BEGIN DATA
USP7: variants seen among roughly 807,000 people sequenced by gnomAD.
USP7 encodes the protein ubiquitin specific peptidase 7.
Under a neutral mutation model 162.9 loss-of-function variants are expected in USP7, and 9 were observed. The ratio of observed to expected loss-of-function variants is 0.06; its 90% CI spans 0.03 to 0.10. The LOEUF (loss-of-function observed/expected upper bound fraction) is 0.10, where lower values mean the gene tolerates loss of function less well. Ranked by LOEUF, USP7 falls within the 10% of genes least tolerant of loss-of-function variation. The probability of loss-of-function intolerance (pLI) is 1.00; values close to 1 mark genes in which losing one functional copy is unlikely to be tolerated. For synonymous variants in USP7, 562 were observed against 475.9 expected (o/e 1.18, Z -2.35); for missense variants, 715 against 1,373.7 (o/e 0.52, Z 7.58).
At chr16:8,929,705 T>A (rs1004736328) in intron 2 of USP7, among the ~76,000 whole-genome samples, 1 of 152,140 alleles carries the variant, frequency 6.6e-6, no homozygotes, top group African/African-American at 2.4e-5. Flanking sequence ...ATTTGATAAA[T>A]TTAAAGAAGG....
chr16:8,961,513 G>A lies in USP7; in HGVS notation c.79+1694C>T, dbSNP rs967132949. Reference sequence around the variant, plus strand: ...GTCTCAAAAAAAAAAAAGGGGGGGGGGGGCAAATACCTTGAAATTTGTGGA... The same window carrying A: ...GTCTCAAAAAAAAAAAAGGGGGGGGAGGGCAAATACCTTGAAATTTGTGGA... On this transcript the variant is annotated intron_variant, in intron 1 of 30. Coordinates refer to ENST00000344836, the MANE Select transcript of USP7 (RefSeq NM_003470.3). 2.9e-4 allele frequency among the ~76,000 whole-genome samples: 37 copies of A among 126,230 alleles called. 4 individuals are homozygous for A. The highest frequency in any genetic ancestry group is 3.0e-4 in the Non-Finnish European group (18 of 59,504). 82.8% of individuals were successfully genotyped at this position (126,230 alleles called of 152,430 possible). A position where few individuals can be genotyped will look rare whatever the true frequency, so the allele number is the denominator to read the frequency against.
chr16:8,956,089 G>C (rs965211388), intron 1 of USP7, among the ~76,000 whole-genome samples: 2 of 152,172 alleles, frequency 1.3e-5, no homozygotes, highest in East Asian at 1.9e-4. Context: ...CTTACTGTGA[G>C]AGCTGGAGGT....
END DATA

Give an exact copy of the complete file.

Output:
USP7: variants seen among roughly 807,000 people sequenced by gnomAD.
USP7 encodes the protein ubiquitin specific peptidase 7.
Under a neutral mutation model 162.9 loss-of-function variants are expected in USP7, and 9 were observed. The ratio of observed to expected loss-of-function variants is 0.06; its 90% CI spans 0.03 to 0.10. The LOEUF (loss-of-function observed/expected upper bound fraction) is 0.10, where lower values mean the gene tolerates loss of function less well. Ranked by LOEUF, USP7 falls within the 10% of genes least tolerant of loss-of-function variation. The probability of loss-of-function intolerance (pLI) is 1.00; values close to 1 mark genes in which losing one functional copy is unlikely to be tolerated. For synonymous variants in USP7, 562 were observed against 475.9 expected (o/e 1.18, Z -2.35); for missense variants, 715 against 1,373.7 (o/e 0.52, Z 7.58).
At chr16:8,929,705 T>A (rs1004736328) in intron 2 of USP7, among the ~76,000 whole-genome samples, 1 of 152,140 alleles carries the variant, frequency 6.6e-6, no homozygotes, top group African/African-American at 2.4e-5. Flanking sequence ...ATTTGATAAA[T>A]TTAAAGAAGG....
chr16:8,961,513 G>A lies in USP7; in HGVS notation c.79+1694C>T, dbSNP rs967132949. Reference sequence around the variant, plus strand: ...GTCTCAAAAAAAAAAAAGGGGGGGGGGGGCAAATACCTTGAAATTTGTGGA... The same window carrying A: ...GTCTCAAAAAAAAAAAAGGGGGGGGAGGGCAAATACCTTGAAATTTGTGGA... On this transcript the variant is annotated intron_variant, in intron 1 of 30. Coordinates refer to ENST00000344836, the MANE Select transcript of USP7 (RefSeq NM_003470.3). 2.9e-4 allele frequency among the ~76,000 whole-genome samples: 37 copies of A among 126,230 alleles called. 4 individuals are homozygous for A. The highest frequency in any genetic ancestry group is 3.0e-4 in the Non-Finnish European group (18 of 59,504). 82.8% of individuals were successfully genotyped at this position (126,230 alleles called of 152,430 possible). A position where few individuals can be genotyped will look rare whatever the true frequency, so the allele number is the denominator to read the frequency against.
chr16:8,956,089 G>C (rs965211388), intron 1 of USP7, among the ~76,000 whole-genome samples: 2 of 152,172 alleles, frequency 1.3e-5, no homozygotes, highest in East Asian at 1.9e-4. Context: ...CTTACTGTGA[G>C]AGCTGGAGGT....